“Iif they returned my father to me I’d give them my pushcart for selling beans, I don’t even mind if I don’t buy new clothes for the holiday.” These are the words of Khalid, who, at age 13, finds himself the head of his family while his father remains detained in a regime prison. He recently learned from a news show about a regime program to release prisoners if a long list of conditions is met.
Khalid circles his besieged town in the northern Homs countryside with his pushcart, selling meals of beans from his push. He is trying to figure out how to get all the necessities for the household for less than 500 SP ($2.30) so that there is enough money left to buy new clothes for the Eid holiday. His younger brother has also started working to help realize that goal.
This young head of the family knows the details of the work market as well as the economic reality that the siege has brought about. He follows the rising prices of the dollar, talks about politics, and sounds like a young man who has aged quickly due to the hardships the war has imposed on him.
He told the Syrian Voice that he is prepared to trade everything he owns to those who took arrested his father to get him back. This includes the cart he sells beans from, which is his only source of income. However, he knows that this is probably worth nothing to those holding his father.
Since the beginning of the revolution, a practice of extortion has emerged wherein those close to the regime take money from the families of detainees in exchange for help getting them released, information on their whereabouts, or simply to know whether their jailed relatives are alive or being tortured.
An Amnesty International report has accused the regime of profiting from widespread forced disappearances through these these extortionary payments, saying that these practices amount to crimes against humanity.
“I paid four million SP ($18,600) to secure the release of my son, who was arrested a year and a half ago at a regime checkpoint, and who was never charged with a specific crime,” the father of Mohammed, a university student from the Homs countryside, told the Syrian voice.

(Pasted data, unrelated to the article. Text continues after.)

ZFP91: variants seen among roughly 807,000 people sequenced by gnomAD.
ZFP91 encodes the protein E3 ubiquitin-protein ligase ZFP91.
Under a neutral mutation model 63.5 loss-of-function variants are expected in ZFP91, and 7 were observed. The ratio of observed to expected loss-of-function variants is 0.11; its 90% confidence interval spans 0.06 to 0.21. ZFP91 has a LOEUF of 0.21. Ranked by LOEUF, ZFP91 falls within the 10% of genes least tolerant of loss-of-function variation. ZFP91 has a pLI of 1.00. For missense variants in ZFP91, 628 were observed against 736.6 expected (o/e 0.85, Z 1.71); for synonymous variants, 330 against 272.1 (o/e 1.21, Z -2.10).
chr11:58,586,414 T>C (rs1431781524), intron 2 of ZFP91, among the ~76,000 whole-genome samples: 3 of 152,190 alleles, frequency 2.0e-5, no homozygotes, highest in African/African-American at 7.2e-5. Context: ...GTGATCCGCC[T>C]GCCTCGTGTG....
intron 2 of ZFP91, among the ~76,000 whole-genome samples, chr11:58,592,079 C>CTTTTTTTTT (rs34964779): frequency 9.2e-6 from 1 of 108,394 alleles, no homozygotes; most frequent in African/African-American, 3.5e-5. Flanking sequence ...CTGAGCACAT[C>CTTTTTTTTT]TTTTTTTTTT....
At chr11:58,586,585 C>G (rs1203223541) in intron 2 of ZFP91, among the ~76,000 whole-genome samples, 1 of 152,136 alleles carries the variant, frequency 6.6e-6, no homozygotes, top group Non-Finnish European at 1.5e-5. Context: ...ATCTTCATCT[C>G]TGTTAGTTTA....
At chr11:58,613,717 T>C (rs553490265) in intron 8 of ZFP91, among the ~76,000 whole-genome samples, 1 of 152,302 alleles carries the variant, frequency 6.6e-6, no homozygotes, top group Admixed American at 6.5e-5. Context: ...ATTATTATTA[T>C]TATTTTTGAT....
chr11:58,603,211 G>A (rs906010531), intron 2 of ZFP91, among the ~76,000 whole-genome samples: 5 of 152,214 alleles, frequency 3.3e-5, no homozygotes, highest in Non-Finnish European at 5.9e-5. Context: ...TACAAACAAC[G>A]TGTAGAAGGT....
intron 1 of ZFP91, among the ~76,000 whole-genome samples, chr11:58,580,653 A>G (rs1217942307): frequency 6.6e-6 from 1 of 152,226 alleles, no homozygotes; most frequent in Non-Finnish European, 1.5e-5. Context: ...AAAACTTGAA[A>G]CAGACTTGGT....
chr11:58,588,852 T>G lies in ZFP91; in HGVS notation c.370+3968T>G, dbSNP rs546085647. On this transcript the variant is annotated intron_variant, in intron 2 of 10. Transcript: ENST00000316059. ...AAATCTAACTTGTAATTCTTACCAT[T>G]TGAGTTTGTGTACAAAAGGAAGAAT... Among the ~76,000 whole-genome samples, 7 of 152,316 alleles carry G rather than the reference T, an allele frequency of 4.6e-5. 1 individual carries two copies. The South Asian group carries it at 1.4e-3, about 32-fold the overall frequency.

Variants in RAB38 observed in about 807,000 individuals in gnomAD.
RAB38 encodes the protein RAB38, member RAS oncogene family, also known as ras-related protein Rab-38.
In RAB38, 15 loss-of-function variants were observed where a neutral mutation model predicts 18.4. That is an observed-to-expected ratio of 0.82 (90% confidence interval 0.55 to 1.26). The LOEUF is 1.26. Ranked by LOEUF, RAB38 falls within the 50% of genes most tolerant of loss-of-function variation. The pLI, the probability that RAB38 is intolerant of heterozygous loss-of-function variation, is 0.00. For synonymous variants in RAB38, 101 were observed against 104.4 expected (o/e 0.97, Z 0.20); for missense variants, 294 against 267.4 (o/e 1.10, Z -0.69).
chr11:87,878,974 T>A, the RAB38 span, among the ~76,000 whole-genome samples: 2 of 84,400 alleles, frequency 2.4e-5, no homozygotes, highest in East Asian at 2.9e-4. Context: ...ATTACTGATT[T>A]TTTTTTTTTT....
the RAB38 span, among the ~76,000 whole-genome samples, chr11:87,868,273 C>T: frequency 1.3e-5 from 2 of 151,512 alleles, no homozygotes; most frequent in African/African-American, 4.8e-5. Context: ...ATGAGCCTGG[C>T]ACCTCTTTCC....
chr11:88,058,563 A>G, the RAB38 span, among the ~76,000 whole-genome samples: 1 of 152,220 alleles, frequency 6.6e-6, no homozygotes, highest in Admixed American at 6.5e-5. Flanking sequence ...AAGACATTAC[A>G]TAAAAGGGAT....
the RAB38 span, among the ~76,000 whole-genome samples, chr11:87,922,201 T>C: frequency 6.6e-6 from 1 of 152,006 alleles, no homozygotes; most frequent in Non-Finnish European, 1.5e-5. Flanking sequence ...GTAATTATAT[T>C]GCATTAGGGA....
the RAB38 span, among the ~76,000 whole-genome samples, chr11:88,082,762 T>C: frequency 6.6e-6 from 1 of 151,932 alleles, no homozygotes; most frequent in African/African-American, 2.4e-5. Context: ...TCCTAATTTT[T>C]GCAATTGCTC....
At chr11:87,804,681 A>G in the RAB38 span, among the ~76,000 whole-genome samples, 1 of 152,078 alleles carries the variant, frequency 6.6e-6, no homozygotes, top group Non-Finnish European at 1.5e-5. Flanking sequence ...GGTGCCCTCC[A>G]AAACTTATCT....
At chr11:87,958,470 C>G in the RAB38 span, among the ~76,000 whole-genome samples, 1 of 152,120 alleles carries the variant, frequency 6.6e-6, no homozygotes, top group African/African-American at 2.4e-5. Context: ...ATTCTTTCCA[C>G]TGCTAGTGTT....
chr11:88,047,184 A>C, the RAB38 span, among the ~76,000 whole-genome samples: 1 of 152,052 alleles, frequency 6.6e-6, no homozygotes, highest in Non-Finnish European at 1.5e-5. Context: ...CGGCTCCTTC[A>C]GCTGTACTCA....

Human rights and opposition activists have launched intermittent campaigns in solidarity with the detained, requesting the regime to release them, and there are human rights groups advocating for those arrested or forcibly disappeared. However, there is not enough interest in the issue among the international players and decision makers; military and political developments have taken precedence while the issue of detainees has remained on the sideline.
Activists campaigns have been limited to social media, where they are trying to impact public opinion and get decision makers to release detainees. However these campaigns are short-lived and the detainees remain in limbo.
Abu Hasham Khalaf, the secretary of the revolutionary leadership in Rastan, a city in northern Homs, gave some insight into the regime’s rationale for a prisoner release.
“Only a month ago, talks began for an agreement between the opposition in the Homs countryside and the governor of Homs, Talal Barazi. These talks happened because the regime wants to run an power line through rebel-controlled areas to serve areas under regime control–the line was previously damaged in regime bombardments of these areas. In exchange, the regime will have to release a number of detainees in addition to other conditions requested by the opposition. This agreement is still being talked over.”
Tracking the number and identity of detainees has proven a difficult task.
“There has been no documentation or recording of the numbers or names of the detained. There are only rough estimates provided for humanitarian organizations so that their relatives can get modest amounts of aid,” according to Haj Ahmad, who works for the Food Aid Office in northern Homs.
According to a Syrian Network for Human Rights Report, an estimated 215,000 people have been detained by the regime since the beginning of the revolution in 2011. The estimate is rough, given the difficulty of getting information about detainees. In addition to this figure, there are also prisoners being held by the Islamic State, the Kurdish Self-Administration, and extremist Islamic groups.
The report also indicates that the international community, with all of its mandates, has not been able to pressure the regime to release any prisoners, and that in most cases where detainees were released occurred because of agreements between armed opposition groups and the regime.